Talkin' trash to the garbage around me.

23 February, 2007

Just come out and say it already

You've got to hand it to Sam Brownback, claiming the mantle of a 19th Century abolitionist hero:
Senator Sam Brownback: William Wilberforce Republican.

If you don’t know who he is, never fear—Hollywood is coming to the rescue with Friday’s release of “Amazing Grace.” The film details Mr. Wilberforce’s successful, 20-year effort as a British member of parliament to abolish the slave trade in the British Empire. He was inspired by his evangelical Christian beliefs. And Mr. Brownback, a devout Catholic who was previously an evangelical Protestant, “is deeply inspired by William Wilberforce,” said Brian Hart, his campaign spokesman.

A March 2006 article in The Economist first named Mr. Brownback a “Wilberforce Republican,” referring to his faith-grounded efforts to end human trafficking, fight genocide and AIDS in Africa and to reform prisons.

[...]

“We must continue to follow Wilberforce’s example and fight for the dignity and freedom of every person,” Mr. Brownback said in a press release about the bill. “It is intolerable that 200 years after Britain banned its slave trade, there are still hundreds of thousands of victims of human trafficking who are used as bonded labors, sex slaves, and in other horrifying capacities [my emphasis].”

[...]

Mr. Wilberforce is familiar to evangelicals (i.e. Republican voters in the Iowa caucuses and South Carolina primary) because people like Charles Colson and James Dobson mention him on their radio shows, said Mr. [Michael] Cromartie [of the conservative Ethics and Public Policy Center].

What the Times blogger neglects to inform us is that Brownback's media savvy branding effort (and it is particularly well thought out) is a subtle wink to the militant anti-choice movement. How could we infer that from Brownback's statements? Context is everything, here. Given that it's a central tenet of the far right's faith that abortion is the modern-day moral equivalent of slavery, it's not at all difficult to see the image Brownback is trying to convey to anti-choice zealots. Not that we'd expect a major newspaper like the NYT to provide context.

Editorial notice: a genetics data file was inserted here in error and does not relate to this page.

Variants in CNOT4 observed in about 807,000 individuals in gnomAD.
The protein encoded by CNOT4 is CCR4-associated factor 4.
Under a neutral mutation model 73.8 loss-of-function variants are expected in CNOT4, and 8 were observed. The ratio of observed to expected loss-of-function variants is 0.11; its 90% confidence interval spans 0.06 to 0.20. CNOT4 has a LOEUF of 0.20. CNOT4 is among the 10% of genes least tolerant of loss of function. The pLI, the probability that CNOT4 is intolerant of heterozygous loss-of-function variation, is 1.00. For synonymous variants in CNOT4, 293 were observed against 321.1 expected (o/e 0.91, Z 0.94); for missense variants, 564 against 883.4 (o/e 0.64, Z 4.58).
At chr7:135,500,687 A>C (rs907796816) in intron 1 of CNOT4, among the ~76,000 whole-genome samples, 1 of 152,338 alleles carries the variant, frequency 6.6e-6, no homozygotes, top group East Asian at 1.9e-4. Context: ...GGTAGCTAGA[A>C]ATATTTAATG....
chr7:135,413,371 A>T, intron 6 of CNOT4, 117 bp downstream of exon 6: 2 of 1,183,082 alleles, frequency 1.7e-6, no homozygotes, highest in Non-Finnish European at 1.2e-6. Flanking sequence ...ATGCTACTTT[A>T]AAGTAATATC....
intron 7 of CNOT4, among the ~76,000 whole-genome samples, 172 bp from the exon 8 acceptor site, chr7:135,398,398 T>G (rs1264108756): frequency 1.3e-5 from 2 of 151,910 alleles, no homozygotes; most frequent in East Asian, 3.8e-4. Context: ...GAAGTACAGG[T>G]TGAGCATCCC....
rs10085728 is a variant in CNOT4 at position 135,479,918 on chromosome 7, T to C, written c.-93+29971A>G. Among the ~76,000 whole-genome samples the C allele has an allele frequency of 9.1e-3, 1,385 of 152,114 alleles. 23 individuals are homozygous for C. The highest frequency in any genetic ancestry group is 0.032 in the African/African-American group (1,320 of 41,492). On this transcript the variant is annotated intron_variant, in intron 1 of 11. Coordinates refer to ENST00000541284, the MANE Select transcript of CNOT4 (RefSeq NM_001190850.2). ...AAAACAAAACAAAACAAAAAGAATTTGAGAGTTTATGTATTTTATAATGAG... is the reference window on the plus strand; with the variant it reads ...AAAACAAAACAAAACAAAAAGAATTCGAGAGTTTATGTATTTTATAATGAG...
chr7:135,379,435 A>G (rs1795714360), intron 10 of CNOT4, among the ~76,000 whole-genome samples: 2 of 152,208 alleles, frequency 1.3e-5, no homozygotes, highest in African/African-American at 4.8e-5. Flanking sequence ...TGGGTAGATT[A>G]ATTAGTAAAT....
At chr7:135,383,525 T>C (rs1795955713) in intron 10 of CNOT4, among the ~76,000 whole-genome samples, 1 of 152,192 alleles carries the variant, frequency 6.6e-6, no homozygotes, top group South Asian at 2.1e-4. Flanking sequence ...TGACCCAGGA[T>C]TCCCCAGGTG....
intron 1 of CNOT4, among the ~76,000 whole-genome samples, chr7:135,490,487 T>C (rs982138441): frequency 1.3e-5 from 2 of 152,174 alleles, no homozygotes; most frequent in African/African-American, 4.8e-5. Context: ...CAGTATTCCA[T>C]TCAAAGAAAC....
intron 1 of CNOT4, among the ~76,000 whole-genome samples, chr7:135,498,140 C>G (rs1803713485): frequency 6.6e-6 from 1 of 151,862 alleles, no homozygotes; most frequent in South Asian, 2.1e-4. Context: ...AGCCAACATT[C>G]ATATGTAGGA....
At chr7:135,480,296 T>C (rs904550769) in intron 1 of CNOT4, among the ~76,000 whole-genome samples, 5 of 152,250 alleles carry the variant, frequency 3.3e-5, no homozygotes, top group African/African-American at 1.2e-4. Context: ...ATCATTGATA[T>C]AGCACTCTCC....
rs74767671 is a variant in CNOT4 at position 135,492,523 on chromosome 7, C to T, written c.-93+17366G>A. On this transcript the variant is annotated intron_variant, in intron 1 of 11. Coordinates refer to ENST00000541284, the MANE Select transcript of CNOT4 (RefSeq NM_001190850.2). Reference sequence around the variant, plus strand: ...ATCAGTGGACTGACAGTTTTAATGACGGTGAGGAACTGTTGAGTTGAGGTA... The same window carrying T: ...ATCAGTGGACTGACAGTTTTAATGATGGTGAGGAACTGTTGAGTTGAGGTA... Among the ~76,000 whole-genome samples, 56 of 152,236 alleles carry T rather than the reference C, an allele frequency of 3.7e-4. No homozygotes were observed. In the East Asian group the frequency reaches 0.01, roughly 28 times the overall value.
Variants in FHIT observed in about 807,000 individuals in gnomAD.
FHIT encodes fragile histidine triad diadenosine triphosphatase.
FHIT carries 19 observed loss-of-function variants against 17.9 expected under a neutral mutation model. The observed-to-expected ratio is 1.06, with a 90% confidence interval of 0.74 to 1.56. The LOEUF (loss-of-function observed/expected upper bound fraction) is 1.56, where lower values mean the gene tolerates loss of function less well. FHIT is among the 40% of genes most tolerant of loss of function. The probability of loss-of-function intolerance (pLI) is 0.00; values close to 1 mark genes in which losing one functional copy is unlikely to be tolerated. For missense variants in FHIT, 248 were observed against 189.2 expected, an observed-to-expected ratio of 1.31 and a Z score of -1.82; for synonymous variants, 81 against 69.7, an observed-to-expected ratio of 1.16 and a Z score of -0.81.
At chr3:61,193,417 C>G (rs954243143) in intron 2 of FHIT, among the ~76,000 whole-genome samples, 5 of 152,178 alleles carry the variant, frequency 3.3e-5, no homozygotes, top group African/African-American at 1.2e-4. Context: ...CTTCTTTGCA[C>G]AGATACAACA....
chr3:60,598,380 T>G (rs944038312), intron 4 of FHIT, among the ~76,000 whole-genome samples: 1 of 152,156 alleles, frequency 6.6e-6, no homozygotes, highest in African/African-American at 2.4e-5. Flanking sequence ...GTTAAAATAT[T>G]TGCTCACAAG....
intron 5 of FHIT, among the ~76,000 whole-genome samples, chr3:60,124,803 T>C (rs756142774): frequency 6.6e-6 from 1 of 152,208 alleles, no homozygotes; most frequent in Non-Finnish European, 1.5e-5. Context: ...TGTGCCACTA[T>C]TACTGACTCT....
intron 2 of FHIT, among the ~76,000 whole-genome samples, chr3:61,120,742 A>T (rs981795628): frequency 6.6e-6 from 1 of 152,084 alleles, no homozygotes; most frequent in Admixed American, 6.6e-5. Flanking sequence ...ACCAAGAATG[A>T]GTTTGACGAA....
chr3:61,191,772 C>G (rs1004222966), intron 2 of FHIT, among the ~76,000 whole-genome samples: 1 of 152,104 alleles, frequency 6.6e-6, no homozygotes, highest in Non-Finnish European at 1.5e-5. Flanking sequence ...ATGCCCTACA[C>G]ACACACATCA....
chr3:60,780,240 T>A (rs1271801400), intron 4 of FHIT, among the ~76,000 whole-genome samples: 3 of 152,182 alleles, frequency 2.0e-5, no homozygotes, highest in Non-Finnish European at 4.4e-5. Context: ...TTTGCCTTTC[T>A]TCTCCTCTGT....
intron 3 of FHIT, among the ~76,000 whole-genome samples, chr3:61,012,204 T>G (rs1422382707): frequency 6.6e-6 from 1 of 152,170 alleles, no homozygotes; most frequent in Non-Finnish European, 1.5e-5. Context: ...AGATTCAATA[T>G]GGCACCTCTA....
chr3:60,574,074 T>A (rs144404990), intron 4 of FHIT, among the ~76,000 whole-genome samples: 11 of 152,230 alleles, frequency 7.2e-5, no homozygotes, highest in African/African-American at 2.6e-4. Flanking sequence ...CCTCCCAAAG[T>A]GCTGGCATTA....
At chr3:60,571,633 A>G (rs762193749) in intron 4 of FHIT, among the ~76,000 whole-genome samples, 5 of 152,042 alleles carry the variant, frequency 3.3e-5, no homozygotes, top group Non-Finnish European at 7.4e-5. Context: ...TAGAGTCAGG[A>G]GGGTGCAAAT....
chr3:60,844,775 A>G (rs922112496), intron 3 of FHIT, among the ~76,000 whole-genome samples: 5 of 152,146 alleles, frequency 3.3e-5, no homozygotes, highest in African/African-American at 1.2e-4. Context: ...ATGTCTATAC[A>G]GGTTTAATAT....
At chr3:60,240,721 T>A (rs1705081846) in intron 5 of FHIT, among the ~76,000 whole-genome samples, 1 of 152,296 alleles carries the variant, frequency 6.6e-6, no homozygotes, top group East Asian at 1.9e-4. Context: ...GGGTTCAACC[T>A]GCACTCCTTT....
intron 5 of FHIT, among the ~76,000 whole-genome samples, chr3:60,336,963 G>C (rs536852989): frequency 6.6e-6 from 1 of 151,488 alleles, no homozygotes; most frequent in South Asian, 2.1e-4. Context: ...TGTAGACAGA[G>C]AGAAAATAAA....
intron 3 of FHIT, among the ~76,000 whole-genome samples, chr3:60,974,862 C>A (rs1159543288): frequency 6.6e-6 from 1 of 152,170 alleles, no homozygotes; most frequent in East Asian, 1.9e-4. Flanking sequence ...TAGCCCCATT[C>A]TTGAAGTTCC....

Moreover, what are we to make of the phrase "victims of human trafficking who are used... in other horrifying capacities" comment, given his positions on embryonic stem cell research and fetal rights? Somewhat tangentially related, is Godwin invoked when the Brownback crowd begins to refer to stem cell researchers as "a bunch of Doctor Mengeles?"

I've gotta say, it's great PR to have a NYT blogger magically tranform, through the power of journamalism, this theocratic reactionary into a "compassionate conservative" who appeals to religious Dems. I don't doubt the sincerity of Brownback's beliefs (he's a True Believer if I ever saw one - that's what worries me) or his efforts to end human trafficking, and I'm not particularly concerned that he feels his faith compels him to act in this regard. Good on him. But let's not be polite and pretend that his invocation of Wilberforce was meant to draw attention to his good deeds in Africa. It's a wink and a nod to the John Browns of the forced birth movement, pure and simple: "I'm one of you."

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